There’s no doubt that dogs are members of the family who bring an insurmountable amount of joy. That said, there are many pet parents out there who own a breed of dog that may become challenging once they leave puppyhood and enter their teenage months and beyond.

Before purchasing or adopting a particular breed, it’s important to research the reasoning behind what these fascinating dogs were initially bred to do. For example, was the breeding goal aimed for sport, protection, work or another reason?

It’s essential to arm yourself with knowledge about a particular breed before committing to it. Yes, while dogs have become more domesticated over the years, as a dog matures, their genetics at some point surfaces. 

Here are some highlights of some popular breeds whose instincts may likely kick in over time. 

The German Shepherd Dog 

Originally bred to guard flocks in the mid-1850s, German Shepherds have evolved over the years also to perform tasks including working K9s and participation in the sport dog world. 

This loyal breed has a keen sense of smell, is highly athletic, and protective by nature as they mature. 

Those who own this fabulous breed sometimes note how when their dogs reach their teenage years and beyond, a protective and reactive tendency may sometimes develop. 

For those who have the interest or inclination, pet parents may seek activities with their dog such as nose-work, Schutzhund, herding and more. 

Cattle Dogs and Australian Shepherds

Best described as brave, loyal, and energetic, these breeds are the top-tier choice when it comes to herding. These dogs are a cowboy’s first pick. This amazing breed that was bred to herd also has a piercing stare when they are in a working mode to move livestock or flocks. After all, that was what they were bred to do back in the day.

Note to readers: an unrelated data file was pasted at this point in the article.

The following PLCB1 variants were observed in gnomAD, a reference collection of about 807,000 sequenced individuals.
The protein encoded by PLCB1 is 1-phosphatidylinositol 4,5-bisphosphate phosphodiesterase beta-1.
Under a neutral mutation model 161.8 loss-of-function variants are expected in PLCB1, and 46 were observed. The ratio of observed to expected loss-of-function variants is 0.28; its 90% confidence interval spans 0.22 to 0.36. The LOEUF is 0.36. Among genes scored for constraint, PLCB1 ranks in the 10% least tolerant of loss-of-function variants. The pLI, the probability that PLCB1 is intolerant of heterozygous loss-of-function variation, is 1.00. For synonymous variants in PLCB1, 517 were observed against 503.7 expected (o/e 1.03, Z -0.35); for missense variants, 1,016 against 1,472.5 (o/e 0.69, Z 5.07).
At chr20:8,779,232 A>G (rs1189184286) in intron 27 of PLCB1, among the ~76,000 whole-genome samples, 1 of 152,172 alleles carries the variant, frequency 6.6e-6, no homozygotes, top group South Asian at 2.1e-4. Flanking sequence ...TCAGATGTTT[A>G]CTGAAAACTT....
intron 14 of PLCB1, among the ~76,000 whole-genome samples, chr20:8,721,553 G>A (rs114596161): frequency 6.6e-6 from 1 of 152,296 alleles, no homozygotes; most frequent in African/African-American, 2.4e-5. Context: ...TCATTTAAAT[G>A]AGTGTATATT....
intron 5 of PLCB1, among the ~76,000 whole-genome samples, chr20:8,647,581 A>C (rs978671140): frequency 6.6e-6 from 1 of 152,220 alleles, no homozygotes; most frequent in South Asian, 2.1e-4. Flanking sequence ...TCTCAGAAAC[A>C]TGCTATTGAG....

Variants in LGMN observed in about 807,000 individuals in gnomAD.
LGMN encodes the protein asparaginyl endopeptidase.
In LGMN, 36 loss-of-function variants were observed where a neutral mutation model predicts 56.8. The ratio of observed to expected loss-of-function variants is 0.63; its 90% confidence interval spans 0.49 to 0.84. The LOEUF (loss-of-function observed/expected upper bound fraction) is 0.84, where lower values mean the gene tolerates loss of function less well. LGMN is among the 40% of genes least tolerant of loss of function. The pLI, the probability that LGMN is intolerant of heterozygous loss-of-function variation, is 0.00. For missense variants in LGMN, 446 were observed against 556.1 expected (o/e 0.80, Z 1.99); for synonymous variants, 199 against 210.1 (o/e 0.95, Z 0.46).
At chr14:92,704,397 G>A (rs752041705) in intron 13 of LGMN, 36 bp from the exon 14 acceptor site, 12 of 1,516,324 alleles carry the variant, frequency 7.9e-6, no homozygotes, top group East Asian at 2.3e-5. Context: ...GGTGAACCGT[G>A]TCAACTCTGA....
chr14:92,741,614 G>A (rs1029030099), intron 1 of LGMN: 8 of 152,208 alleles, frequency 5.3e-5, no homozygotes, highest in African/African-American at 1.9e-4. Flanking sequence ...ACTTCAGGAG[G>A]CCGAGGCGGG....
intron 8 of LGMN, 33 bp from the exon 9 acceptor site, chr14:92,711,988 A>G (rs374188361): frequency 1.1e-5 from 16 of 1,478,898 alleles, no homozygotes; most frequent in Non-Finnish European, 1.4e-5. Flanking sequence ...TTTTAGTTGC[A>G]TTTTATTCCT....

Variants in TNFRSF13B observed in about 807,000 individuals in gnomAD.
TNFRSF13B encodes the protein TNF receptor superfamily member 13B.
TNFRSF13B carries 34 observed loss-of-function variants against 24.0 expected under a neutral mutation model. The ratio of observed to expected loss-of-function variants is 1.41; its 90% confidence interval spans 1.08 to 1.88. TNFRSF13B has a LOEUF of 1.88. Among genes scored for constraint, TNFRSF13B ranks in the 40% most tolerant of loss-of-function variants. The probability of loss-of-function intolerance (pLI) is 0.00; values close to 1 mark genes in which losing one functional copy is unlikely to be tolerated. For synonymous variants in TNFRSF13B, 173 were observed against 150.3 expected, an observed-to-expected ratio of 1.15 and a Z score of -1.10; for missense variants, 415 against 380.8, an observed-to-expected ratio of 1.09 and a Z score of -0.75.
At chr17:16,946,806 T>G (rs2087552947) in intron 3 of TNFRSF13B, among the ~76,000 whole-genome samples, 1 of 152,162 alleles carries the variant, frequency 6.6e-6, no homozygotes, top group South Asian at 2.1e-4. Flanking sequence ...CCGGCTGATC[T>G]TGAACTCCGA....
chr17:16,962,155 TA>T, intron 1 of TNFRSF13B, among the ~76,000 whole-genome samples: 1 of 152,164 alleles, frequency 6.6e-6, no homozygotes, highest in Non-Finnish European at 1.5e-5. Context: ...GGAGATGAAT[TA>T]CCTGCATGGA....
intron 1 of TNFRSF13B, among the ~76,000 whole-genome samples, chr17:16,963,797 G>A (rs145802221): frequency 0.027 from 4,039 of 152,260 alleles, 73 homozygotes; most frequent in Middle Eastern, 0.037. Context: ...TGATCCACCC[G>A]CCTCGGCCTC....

These dogs are high energy and require exercise. 

As this intellectual breed matures, many pet parents note how their dogs tend to nip at their heels (like they would toward cattle). Be sure to give them the academic and physical stimulation they require, such as finding a place which does herding. 

The Terrier Breeds

Be it a Jack Russell Terrier, Fox Terrier or any Terrier, these dogs were meant to hunt. And yes, that means digging, too. Originally, this breed was intended to hunt rats, foxes, moles and more. For those that own this breed, they often laugh when they hear the common moniker, “Terror.”

Common complaints from pet parents include how their dogs having selective hearing during a recall, dig holes in the yard, among other breed characteristics. When a terrier catches wind of a “scent,” they’re off, and they mean business. 

Many who own this breed find a lure course an excellent choice for their terrier to unleash their natural talents.

What’s A Pet Parent To Do?

As mentioned earlier, it’s essential to research what a dog was bred for in the first place before purchasing or adopting. At some point, their instincts will emerge. If a family already owns a breed like this, be sure to establish solid obedience skills under distraction while allowing your dog to take part in one of the activities mentioned.

If you have any questions or concerns about your furry family member and their breed, contact us today